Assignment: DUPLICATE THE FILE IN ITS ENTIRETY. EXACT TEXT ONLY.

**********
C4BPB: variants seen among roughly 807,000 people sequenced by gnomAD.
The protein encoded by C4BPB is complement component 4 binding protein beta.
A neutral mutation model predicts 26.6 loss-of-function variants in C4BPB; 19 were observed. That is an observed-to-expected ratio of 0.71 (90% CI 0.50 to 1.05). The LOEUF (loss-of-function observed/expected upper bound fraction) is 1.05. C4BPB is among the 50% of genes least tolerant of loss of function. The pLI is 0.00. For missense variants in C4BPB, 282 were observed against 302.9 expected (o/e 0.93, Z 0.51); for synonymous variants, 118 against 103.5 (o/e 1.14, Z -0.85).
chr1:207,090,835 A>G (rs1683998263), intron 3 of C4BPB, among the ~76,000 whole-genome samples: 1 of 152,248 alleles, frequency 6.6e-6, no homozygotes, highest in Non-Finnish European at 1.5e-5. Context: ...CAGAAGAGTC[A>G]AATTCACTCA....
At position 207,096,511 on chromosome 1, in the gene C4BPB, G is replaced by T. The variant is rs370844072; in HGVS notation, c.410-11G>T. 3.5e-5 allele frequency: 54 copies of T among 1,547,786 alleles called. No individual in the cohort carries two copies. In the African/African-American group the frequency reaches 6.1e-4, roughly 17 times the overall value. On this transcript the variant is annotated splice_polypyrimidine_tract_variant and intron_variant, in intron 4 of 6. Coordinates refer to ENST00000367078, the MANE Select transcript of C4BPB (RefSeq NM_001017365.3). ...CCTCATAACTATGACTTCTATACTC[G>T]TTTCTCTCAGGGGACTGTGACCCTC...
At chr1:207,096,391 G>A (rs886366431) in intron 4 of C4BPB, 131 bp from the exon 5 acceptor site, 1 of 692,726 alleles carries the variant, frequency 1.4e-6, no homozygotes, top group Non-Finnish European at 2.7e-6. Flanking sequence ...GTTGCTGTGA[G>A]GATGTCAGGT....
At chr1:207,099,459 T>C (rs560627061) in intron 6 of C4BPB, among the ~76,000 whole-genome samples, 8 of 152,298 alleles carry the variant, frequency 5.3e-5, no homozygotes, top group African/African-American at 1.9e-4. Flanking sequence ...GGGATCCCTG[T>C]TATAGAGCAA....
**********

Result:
C4BPB: variants seen among roughly 807,000 people sequenced by gnomAD.
The protein encoded by C4BPB is complement component 4 binding protein beta.
A neutral mutation model predicts 26.6 loss-of-function variants in C4BPB; 19 were observed. That is an observed-to-expected ratio of 0.71 (90% CI 0.50 to 1.05). The LOEUF (loss-of-function observed/expected upper bound fraction) is 1.05. C4BPB is among the 50% of genes least tolerant of loss of function. The pLI is 0.00. For missense variants in C4BPB, 282 were observed against 302.9 expected (o/e 0.93, Z 0.51); for synonymous variants, 118 against 103.5 (o/e 1.14, Z -0.85).
chr1:207,090,835 A>G (rs1683998263), intron 3 of C4BPB, among the ~76,000 whole-genome samples: 1 of 152,248 alleles, frequency 6.6e-6, no homozygotes, highest in Non-Finnish European at 1.5e-5. Context: ...CAGAAGAGTC[A>G]AATTCACTCA....
At position 207,096,511 on chromosome 1, in the gene C4BPB, G is replaced by T. The variant is rs370844072; in HGVS notation, c.410-11G>T. 3.5e-5 allele frequency: 54 copies of T among 1,547,786 alleles called. No individual in the cohort carries two copies. In the African/African-American group the frequency reaches 6.1e-4, roughly 17 times the overall value. On this transcript the variant is annotated splice_polypyrimidine_tract_variant and intron_variant, in intron 4 of 6. Coordinates refer to ENST00000367078, the MANE Select transcript of C4BPB (RefSeq NM_001017365.3). ...CCTCATAACTATGACTTCTATACTC[G>T]TTTCTCTCAGGGGACTGTGACCCTC...
At chr1:207,096,391 G>A (rs886366431) in intron 4 of C4BPB, 131 bp from the exon 5 acceptor site, 1 of 692,726 alleles carries the variant, frequency 1.4e-6, no homozygotes, top group Non-Finnish European at 2.7e-6. Flanking sequence ...GTTGCTGTGA[G>A]GATGTCAGGT....
At chr1:207,099,459 T>C (rs560627061) in intron 6 of C4BPB, among the ~76,000 whole-genome samples, 8 of 152,298 alleles carry the variant, frequency 5.3e-5, no homozygotes, top group African/African-American at 1.9e-4. Flanking sequence ...GGGATCCCTG[T>C]TATAGAGCAA....